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Aussie insurers put up guards against risky assets

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By Jessica Penny
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3 minute read

Recent insurer habits have indicated an intention to reduce risk exposure in the next six months, new data has revealed.

The majority of Australian insurers (80 per cent) are expressing a bearish stance towards risk assets, exercising increased discretion around how to best meet the ongoing challenge of a rising interest rate environment, according to the latest findings from Janus Henderson.

In collaboration with Investment Trends, the report unveiled that 90 per cent of respondents – those being 25 insurance firms across general, life, and health insurance providers – have either implemented or are planning strategic shifts in their asset allocation strategies within the next year.

Life insurers were observed to be especially cautious, with 40 per cent of respondents anticipating a significant or moderate change to their risk profile over the next 12 months.

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Rising interest rates (61 per cent), inflation (58 per cent), and changing forward-looking expectations (50 per cent) were among the greatest concerns for insurers reviewing their investment strategy.

Matt Gaden, head of Australia at Janus Henderson Investors, emphasised the evolving considerations that insurance firms face for their investment strategies.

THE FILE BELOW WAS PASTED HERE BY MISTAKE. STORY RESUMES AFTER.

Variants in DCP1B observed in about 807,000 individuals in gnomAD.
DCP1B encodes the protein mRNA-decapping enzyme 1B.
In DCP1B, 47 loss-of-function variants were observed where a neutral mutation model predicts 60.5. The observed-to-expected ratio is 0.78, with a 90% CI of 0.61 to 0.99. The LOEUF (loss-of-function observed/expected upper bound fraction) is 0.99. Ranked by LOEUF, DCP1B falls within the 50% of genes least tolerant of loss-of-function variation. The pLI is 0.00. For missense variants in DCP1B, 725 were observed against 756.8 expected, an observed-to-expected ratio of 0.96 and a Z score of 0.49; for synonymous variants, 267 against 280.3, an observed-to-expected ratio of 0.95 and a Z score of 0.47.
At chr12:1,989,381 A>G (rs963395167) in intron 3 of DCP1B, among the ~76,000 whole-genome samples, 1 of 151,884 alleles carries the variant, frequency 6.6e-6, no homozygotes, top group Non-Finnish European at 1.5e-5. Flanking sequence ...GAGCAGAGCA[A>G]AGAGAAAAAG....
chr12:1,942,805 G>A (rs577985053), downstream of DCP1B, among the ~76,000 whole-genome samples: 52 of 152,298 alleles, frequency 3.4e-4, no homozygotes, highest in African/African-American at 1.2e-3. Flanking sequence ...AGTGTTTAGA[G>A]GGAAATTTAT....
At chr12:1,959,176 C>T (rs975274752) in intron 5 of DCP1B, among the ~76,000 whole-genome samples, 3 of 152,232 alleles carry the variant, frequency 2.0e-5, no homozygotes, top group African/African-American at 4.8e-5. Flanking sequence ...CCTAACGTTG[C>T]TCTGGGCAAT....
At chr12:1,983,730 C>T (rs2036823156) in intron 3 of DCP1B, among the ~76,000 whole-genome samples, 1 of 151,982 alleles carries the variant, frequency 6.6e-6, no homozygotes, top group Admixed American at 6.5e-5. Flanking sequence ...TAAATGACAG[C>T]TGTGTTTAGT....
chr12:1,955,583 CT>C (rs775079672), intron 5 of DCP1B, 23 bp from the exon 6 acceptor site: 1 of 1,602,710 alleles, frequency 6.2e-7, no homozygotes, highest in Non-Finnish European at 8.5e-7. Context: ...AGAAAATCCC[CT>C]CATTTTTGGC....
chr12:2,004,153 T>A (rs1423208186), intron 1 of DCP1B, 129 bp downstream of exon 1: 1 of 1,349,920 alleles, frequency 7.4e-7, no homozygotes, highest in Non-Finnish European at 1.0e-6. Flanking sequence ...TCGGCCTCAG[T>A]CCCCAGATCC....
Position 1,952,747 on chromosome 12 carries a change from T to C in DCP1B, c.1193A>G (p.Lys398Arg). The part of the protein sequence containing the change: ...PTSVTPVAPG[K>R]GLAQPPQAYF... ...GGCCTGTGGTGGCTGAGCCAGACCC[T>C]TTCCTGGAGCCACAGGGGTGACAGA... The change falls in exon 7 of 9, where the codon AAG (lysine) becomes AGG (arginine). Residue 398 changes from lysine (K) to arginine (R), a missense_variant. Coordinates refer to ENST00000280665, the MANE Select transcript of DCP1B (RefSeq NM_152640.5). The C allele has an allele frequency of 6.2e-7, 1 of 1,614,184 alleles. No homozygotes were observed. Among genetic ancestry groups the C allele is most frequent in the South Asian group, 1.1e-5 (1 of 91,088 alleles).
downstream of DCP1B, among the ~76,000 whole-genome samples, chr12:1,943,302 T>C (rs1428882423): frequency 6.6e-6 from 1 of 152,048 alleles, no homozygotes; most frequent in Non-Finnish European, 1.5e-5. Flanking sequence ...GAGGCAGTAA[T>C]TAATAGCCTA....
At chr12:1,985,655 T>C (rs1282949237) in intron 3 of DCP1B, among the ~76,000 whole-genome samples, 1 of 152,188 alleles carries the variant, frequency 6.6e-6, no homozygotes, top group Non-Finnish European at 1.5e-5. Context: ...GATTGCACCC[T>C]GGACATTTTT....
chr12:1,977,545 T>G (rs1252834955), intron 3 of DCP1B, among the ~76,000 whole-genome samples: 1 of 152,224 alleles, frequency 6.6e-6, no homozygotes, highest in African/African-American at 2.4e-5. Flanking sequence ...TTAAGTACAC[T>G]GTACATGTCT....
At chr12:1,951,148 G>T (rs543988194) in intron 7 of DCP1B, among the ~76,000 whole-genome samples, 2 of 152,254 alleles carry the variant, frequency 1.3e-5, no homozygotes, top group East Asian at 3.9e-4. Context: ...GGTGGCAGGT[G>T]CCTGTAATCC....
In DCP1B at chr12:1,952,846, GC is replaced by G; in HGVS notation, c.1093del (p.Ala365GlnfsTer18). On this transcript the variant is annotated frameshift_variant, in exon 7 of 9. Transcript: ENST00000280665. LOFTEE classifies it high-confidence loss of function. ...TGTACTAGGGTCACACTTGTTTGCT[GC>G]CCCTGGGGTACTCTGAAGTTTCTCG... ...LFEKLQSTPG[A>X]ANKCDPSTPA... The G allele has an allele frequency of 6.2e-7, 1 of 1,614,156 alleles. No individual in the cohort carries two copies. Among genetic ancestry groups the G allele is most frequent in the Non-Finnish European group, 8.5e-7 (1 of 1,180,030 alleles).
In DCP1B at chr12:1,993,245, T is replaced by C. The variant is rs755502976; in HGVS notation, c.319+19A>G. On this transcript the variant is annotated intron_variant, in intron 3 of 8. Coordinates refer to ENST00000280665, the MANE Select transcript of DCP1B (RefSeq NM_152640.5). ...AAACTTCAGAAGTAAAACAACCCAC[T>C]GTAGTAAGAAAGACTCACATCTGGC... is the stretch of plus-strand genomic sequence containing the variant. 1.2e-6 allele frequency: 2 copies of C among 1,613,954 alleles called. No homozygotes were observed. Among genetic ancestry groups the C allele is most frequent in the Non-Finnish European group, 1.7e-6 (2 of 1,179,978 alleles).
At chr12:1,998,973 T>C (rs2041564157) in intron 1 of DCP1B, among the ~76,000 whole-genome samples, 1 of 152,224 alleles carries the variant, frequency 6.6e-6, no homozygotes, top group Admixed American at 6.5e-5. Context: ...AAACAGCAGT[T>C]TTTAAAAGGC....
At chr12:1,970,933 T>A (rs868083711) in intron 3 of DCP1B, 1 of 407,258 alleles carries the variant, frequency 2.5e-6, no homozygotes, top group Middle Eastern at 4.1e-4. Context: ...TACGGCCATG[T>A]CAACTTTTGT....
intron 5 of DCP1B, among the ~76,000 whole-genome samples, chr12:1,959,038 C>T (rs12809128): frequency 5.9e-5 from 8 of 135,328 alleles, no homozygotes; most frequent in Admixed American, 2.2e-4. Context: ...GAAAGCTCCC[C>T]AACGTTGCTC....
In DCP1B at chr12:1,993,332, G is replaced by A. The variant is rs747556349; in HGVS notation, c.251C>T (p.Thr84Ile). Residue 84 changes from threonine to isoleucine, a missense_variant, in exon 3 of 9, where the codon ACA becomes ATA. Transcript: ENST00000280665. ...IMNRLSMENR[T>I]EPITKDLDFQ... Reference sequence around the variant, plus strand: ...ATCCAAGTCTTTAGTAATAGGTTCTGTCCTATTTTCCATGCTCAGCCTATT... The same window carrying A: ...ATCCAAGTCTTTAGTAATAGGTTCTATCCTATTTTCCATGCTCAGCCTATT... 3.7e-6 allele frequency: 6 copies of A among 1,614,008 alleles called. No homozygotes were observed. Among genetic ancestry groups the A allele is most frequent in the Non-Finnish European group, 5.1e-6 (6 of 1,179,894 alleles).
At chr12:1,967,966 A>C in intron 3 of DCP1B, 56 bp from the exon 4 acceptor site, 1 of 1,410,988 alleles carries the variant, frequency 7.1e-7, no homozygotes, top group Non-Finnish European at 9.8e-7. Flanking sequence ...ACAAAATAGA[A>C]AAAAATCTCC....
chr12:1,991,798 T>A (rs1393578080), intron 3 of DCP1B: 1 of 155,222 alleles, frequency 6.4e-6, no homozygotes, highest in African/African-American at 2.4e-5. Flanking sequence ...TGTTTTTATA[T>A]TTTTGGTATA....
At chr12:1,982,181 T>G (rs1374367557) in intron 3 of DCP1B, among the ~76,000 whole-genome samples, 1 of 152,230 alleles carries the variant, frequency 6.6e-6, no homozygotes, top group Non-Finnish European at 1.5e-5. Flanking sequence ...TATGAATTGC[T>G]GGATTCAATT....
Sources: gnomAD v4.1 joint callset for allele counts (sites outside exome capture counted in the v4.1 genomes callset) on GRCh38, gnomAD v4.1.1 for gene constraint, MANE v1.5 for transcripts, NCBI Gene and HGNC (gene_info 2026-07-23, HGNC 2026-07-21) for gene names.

“Without a shadow of a doubt, rising rates and inflation have been a big concern for all insurers,” Mr Gaden said.

“This has resulted in almost all insurers adjusting their asset allocation to reflect a significant rise in risk-free rates. Our findings have been that a large number of insurers have taken an active approach to their fixed interest allocations in order to navigate the current period of interest rate volatility and are looking for ways to protect portfolios in this higher inflationary environment.

“I’m delighted that here at Janus Henderson we’re already working with some of the largest insurers around the globe to help them do just that,” he added.

In terms of fixed interest, government bonds and private debt were the top two areas of interest for insurance firms seeking to refine their investment portfolios.

Meanwhile, one in five (20 per cent) of insurers expect to increase their exposure to unlisted infrastructure over the next year.

Greg Clarke, director of institutional solutions at Janus Henderson Investors, identified stakeholder management as a key asset allocation challenge.

“Insurers are adopting a wait-and-see approach, showing apprehension towards risk assets,” Mr Clarke noted.

“With the adjustment of risk-free rates, they can achieve reasonable returns without excessive risk. There remains a clear appetite for private assets, though this presents challenges in stakeholder management.”

Furthermore, the report revealed that while most firms are actively monitoring developments in artificial intelligence, none have yet integrated substantial changes into their operational structures, reflecting the broader corporate environment.

Aussie insurers put up guards against risky assets

Recent insurer habits have indicated an intention to reduce risk exposure in the next six months, new data has revealed.

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